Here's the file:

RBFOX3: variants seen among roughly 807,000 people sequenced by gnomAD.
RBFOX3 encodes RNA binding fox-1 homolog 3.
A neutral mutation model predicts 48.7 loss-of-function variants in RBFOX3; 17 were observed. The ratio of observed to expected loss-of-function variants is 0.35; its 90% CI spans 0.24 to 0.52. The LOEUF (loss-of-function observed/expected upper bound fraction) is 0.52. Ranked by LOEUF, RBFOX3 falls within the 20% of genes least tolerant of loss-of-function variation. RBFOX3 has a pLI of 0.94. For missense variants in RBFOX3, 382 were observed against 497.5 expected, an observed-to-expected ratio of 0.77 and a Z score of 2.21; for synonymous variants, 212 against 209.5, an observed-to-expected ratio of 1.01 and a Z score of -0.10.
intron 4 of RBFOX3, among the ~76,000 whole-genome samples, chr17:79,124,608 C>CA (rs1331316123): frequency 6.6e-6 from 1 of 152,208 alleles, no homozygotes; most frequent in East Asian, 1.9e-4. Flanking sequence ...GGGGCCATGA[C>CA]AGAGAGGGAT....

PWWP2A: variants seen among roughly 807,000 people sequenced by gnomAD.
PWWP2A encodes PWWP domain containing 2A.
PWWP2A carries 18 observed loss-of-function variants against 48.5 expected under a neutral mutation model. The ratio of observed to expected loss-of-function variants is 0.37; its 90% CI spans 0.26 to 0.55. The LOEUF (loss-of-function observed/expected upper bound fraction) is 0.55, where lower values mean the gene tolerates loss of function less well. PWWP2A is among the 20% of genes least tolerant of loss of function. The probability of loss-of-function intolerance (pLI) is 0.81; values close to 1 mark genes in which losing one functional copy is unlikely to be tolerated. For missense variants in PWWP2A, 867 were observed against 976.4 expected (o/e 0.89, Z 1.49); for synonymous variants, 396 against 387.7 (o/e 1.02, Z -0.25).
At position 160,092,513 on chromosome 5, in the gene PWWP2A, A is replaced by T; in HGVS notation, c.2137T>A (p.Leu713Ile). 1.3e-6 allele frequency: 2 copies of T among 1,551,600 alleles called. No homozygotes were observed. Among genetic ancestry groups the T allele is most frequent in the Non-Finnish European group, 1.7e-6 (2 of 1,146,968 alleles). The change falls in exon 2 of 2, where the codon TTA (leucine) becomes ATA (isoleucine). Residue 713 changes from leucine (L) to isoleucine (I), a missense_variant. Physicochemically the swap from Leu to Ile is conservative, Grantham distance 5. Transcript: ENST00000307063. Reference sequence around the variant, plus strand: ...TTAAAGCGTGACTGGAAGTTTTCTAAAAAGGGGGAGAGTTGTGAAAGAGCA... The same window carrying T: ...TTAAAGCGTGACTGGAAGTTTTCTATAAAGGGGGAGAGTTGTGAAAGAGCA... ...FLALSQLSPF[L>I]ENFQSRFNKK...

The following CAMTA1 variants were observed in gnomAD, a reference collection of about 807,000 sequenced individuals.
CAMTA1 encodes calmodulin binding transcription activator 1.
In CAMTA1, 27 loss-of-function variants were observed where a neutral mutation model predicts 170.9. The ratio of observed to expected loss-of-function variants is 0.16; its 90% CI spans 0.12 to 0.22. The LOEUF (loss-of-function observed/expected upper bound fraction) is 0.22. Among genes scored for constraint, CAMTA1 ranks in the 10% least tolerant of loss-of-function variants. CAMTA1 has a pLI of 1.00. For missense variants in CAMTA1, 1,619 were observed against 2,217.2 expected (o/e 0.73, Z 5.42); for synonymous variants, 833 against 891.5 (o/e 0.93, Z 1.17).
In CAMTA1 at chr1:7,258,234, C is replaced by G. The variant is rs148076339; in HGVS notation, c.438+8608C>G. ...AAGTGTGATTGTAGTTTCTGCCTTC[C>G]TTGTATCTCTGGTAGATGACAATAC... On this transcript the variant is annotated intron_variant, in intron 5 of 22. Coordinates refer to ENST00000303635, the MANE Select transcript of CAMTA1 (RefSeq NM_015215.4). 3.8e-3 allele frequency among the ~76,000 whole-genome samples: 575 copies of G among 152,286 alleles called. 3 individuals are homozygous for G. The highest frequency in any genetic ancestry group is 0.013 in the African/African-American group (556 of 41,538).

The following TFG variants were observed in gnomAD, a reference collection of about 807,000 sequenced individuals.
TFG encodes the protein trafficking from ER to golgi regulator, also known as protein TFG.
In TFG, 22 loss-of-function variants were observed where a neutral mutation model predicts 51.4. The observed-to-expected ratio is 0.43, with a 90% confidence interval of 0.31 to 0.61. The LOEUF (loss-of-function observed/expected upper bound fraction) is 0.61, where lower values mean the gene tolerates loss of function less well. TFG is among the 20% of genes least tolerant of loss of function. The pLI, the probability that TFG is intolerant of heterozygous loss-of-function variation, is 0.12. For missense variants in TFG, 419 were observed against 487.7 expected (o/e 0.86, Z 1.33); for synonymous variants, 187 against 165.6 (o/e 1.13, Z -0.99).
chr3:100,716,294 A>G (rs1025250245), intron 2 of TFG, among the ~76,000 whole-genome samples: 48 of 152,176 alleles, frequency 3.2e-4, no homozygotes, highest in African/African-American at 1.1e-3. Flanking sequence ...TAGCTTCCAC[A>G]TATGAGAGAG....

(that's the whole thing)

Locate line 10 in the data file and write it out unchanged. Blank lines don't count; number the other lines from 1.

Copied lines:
CAMTA1 encodes calmodulin binding transcription activator 1.